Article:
James and Davis are two of the many long-time, higher profile former NBA players who were lured across the Pacific as a result of the league’s decision in the off-season to lift all cap restrictions for import players this year.  Originally brought in to boost both teams’ record and ticket sales, Zhejiang and Jiangsu ownership have quickly soured on the two’s overall attitude, individual performance and commitment towards playing in China.

“They realize that these guys just aren’t worth the money,” the source said.

Though James has scored the ball well, averaging 28.5 points over the team’s first four games, Zhejiang has slumped to a disappointing 1-3 record to start the year.  And while Jiangsu is off to a strong 3-1 start, Davis, playing in the backcourt alongside the accomplished Hu Xuefeng, an offensive minded player who has played on multiple occasions for the Chinese national team over the last decade, has struggled to adapt on offense and has grown increasingly frustrated over his lack of touches on that end of the court.

Chouzhou plays Wednesday in Round Five action against 2-2 Shanghai, while Jiangsu plays last place Jilin.

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Thursday Afternoon Tanghulu

December 16, 2010


Sweetening up your afternoon with a stick of Beijing’s timeless sugar coated snack and some links

  • Jiangsu’s big man in the middle, Tang Zhendgong, ended his long holdout with management late Tuesday night after recent speculation that the seven-foot center wouldn’t play at all this year.  With Tang finally on board, the Dragons now have every one of its players under contract for this season.  The former national team center scored four points and hauled down two rebounds in his debut in last night’s win against Foshan.
  • Guangdong’s title defense looks like it just got a lot harder.  Midway through the second quarter last night, center David Harrison went up for a rebound under the basket and went down on the floor hard with the full force of Jilin’s 275 pound center, Liu Wei, crushed on his ankle.  Harrison was carried out into an ambulance on a stretcher and is in Hong Kong awaiting diagnosis.  Judging by these pictures, that diagnosis won’t be good.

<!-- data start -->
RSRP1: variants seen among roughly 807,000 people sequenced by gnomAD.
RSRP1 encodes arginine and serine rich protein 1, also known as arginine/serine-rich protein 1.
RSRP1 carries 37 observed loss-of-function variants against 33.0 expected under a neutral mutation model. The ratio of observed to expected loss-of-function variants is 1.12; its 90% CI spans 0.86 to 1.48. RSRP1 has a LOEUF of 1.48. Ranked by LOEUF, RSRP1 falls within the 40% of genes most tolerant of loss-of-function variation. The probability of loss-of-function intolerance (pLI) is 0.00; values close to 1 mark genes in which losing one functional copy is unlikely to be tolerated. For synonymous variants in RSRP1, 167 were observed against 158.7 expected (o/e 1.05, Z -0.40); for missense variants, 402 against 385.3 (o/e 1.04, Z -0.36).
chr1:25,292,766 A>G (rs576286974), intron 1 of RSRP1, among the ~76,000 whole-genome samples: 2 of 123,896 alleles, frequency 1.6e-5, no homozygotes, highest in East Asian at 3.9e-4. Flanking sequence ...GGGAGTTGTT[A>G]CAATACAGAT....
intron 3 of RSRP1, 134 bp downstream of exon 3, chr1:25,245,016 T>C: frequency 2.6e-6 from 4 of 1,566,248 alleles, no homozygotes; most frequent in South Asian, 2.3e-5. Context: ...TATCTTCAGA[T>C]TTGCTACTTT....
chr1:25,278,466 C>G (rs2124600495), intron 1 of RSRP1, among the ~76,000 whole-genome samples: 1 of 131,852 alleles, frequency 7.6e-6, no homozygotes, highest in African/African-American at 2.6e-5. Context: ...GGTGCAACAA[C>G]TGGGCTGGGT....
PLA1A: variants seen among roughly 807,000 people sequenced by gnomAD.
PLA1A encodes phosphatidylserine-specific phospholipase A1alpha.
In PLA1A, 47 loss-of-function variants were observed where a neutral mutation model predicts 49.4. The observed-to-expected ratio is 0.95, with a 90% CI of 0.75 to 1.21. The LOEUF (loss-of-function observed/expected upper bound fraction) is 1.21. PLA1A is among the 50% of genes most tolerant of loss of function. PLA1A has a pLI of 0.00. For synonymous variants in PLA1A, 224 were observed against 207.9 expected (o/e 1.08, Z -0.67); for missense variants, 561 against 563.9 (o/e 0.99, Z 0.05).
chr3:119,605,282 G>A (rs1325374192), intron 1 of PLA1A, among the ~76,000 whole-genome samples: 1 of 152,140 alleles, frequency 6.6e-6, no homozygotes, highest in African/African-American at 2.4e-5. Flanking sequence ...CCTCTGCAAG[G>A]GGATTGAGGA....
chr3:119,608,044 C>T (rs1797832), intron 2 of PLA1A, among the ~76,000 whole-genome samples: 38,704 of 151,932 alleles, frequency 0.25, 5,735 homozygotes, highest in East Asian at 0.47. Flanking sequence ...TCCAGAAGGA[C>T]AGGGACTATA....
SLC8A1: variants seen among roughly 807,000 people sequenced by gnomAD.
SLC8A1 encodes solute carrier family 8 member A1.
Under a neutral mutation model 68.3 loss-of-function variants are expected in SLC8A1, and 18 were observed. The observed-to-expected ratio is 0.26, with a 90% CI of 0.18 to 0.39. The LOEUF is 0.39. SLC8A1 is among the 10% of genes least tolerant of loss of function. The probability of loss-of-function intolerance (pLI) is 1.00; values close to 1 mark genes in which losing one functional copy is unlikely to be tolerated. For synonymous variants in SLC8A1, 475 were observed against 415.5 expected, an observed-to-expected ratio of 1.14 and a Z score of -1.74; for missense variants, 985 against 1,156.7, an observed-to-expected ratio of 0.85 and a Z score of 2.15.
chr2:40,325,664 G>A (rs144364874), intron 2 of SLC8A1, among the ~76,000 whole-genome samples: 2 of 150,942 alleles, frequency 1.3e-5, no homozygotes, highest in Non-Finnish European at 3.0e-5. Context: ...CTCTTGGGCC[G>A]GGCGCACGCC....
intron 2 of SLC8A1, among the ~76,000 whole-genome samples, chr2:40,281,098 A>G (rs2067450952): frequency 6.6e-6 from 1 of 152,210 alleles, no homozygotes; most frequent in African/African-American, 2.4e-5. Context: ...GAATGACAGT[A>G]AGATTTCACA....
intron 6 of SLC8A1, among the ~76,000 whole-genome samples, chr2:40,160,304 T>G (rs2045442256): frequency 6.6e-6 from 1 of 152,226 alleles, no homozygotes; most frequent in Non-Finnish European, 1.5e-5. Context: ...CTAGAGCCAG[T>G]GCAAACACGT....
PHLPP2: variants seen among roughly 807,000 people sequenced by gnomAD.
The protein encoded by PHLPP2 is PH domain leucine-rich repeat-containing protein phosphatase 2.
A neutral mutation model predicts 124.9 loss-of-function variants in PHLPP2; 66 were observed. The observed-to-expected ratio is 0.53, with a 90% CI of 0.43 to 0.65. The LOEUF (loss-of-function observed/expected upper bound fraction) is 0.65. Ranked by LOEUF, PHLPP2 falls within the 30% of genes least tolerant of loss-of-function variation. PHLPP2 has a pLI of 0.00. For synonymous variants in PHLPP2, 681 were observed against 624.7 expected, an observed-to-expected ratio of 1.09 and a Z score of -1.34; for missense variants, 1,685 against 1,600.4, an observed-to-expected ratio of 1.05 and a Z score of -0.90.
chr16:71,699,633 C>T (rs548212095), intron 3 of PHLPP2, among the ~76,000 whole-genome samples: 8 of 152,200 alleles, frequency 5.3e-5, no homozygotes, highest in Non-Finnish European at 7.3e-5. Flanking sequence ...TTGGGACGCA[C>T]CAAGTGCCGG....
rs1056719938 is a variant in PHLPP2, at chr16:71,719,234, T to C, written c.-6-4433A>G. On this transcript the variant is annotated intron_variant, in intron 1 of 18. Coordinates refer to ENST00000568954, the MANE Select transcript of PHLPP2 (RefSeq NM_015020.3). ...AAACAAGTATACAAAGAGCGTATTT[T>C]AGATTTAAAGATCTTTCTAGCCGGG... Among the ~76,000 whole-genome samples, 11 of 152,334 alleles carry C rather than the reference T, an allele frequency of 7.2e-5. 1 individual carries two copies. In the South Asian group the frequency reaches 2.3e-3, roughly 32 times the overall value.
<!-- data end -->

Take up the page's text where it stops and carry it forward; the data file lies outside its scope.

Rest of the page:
• Anyone who has flied to China from the States can relate to this: Steve Francis is very, very jetlagged.  As a veteran of cross-Pacific aerial travel, I know a few things about getting over that, the first being never, never take a long afternoon nap during the first few days, no matter how tired you are.  After a morning shootaround yesterday, an exhausted Francis went back to a hotel near the Shougang Center and… took an ill nap before the athletic trainer forced the groggy jetlagged guard out of bed at around 3pm.
  • And now for some shameless self-promotion.  I’m teaming up with City Weekend Online for a weekly CBA recap, with the first installment already up on the site here.  Like I said, its going to be a once-a-week thing, so make sure to check back every Tuesday for more.
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Ricky Davis unhappy in Jiangsu

December 15, 2010


After only one game in a Jiangsu Dragons uniform, and Ricky Davis is already unhappy with his new Chinese teammates.

Following a 115-04 loss to DongGuan New Century in their season opener, Davis was the last player to leave the stadium as he sat motionless in the locker room, according to a report by Basketball Pioneers. Talking to reporters after the game,  a visibly frustrated Davis, unsatisfied with his tepid 21 point, 4 rebound debut as well as with the teams overall performance, talked about collective problems with chemistry and teamwork, while calling the night itself  “a nightmare.”

Davis’ discouragement with these issues was best exemplified during the game’s last moments.  Down 15 with a few minutes left, Davis became upset with teammate Hu Xuefeng after the point-guard decided not to pass him the ball while he was wide open for a three. Apparently at his limit, Davis disengaged himself from the offense completely on the next few possessions, standing  outside the three-point line with his hands on the bottom of his shorts.

Though only present with the team for less than a month himself, Davis may have a point: Jiangsu’s opening round loss comes off the heels of a tumultuous off-season where a number of the team’s Chinese players, including a key core of veterans, held out of training camp over disputes about salary and bonus money payouts.  The team’s star center, Tang Zhengdong, who has also played for the national team, was the last player to end his dispute with team management after he agreed on a one-year arrangement late last night.  He practiced with his teammates for the first time all year this morning.

Despite speculation that Davis may be on the way out soon, Jiangsu general manager Wang Min stated that he thinks the player will show his true ability very quickly.

Tonight, Davis scored 21 points playing 41 minutes in a 100-70 win against Foshan and their star point-guard, Stephon Marbury.  Marbury went for 18 points on 6-16 shooting and 7 assists as his new team dropped to 0-2 on the year.